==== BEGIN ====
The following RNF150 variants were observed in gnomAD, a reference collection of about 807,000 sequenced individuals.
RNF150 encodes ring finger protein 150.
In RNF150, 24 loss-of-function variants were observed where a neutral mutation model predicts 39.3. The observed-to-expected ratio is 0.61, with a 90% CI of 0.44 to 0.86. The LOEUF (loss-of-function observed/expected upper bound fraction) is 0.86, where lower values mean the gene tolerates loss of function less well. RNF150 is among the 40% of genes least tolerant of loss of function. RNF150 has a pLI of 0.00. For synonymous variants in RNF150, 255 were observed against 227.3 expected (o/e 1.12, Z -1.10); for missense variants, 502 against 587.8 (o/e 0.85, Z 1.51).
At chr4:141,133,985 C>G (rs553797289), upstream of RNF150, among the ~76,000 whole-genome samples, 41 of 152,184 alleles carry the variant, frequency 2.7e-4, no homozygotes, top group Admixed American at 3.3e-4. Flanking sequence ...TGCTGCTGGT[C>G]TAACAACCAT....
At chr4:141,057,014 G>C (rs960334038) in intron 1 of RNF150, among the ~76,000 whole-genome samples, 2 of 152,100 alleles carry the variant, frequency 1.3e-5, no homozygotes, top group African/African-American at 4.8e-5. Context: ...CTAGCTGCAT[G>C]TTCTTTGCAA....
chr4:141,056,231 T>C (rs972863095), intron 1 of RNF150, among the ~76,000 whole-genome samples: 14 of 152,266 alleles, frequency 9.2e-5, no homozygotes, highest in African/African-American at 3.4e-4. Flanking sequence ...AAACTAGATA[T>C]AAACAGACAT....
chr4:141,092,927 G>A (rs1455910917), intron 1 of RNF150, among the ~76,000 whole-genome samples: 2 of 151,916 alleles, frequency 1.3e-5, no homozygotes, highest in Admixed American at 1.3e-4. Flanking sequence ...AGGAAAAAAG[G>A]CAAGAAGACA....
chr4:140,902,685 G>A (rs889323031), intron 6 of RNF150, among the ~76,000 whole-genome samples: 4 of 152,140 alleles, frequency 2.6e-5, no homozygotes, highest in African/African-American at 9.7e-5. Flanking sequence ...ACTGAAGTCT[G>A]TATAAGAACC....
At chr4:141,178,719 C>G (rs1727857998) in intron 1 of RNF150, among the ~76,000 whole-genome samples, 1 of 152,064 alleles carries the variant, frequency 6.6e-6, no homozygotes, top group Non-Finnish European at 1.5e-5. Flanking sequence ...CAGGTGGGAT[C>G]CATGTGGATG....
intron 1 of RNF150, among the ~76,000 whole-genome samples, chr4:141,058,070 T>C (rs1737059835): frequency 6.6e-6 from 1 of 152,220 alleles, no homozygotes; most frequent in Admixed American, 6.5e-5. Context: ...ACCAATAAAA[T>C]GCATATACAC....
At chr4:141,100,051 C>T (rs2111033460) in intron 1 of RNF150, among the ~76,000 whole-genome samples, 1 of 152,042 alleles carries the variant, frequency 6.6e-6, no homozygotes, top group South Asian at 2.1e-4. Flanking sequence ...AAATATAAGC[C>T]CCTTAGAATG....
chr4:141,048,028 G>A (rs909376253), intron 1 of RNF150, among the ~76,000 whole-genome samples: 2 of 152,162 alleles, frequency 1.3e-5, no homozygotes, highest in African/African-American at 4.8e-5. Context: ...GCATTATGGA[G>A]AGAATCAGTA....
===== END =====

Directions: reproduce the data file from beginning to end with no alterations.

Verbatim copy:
The following RNF150 variants were observed in gnomAD, a reference collection of about 807,000 sequenced individuals.
RNF150 encodes ring finger protein 150.
In RNF150, 24 loss-of-function variants were observed where a neutral mutation model predicts 39.3. The observed-to-expected ratio is 0.61, with a 90% CI of 0.44 to 0.86. The LOEUF (loss-of-function observed/expected upper bound fraction) is 0.86, where lower values mean the gene tolerates loss of function less well. RNF150 is among the 40% of genes least tolerant of loss of function. RNF150 has a pLI of 0.00. For synonymous variants in RNF150, 255 were observed against 227.3 expected (o/e 1.12, Z -1.10); for missense variants, 502 against 587.8 (o/e 0.85, Z 1.51).
At chr4:141,133,985 C>G (rs553797289), upstream of RNF150, among the ~76,000 whole-genome samples, 41 of 152,184 alleles carry the variant, frequency 2.7e-4, no homozygotes, top group Admixed American at 3.3e-4. Flanking sequence ...TGCTGCTGGT[C>G]TAACAACCAT....
At chr4:141,057,014 G>C (rs960334038) in intron 1 of RNF150, among the ~76,000 whole-genome samples, 2 of 152,100 alleles carry the variant, frequency 1.3e-5, no homozygotes, top group African/African-American at 4.8e-5. Context: ...CTAGCTGCAT[G>C]TTCTTTGCAA....
chr4:141,056,231 T>C (rs972863095), intron 1 of RNF150, among the ~76,000 whole-genome samples: 14 of 152,266 alleles, frequency 9.2e-5, no homozygotes, highest in African/African-American at 3.4e-4. Flanking sequence ...AAACTAGATA[T>C]AAACAGACAT....
chr4:141,092,927 G>A (rs1455910917), intron 1 of RNF150, among the ~76,000 whole-genome samples: 2 of 151,916 alleles, frequency 1.3e-5, no homozygotes, highest in Admixed American at 1.3e-4. Flanking sequence ...AGGAAAAAAG[G>A]CAAGAAGACA....
chr4:140,902,685 G>A (rs889323031), intron 6 of RNF150, among the ~76,000 whole-genome samples: 4 of 152,140 alleles, frequency 2.6e-5, no homozygotes, highest in African/African-American at 9.7e-5. Flanking sequence ...ACTGAAGTCT[G>A]TATAAGAACC....
At chr4:141,178,719 C>G (rs1727857998) in intron 1 of RNF150, among the ~76,000 whole-genome samples, 1 of 152,064 alleles carries the variant, frequency 6.6e-6, no homozygotes, top group Non-Finnish European at 1.5e-5. Flanking sequence ...CAGGTGGGAT[C>G]CATGTGGATG....
intron 1 of RNF150, among the ~76,000 whole-genome samples, chr4:141,058,070 T>C (rs1737059835): frequency 6.6e-6 from 1 of 152,220 alleles, no homozygotes; most frequent in Admixed American, 6.5e-5. Context: ...ACCAATAAAA[T>C]GCATATACAC....
At chr4:141,100,051 C>T (rs2111033460) in intron 1 of RNF150, among the ~76,000 whole-genome samples, 1 of 152,042 alleles carries the variant, frequency 6.6e-6, no homozygotes, top group South Asian at 2.1e-4. Flanking sequence ...AAATATAAGC[C>T]CCTTAGAATG....
chr4:141,048,028 G>A (rs909376253), intron 1 of RNF150, among the ~76,000 whole-genome samples: 2 of 152,162 alleles, frequency 1.3e-5, no homozygotes, highest in African/African-American at 4.8e-5. Context: ...GCATTATGGA[G>A]AGAATCAGTA....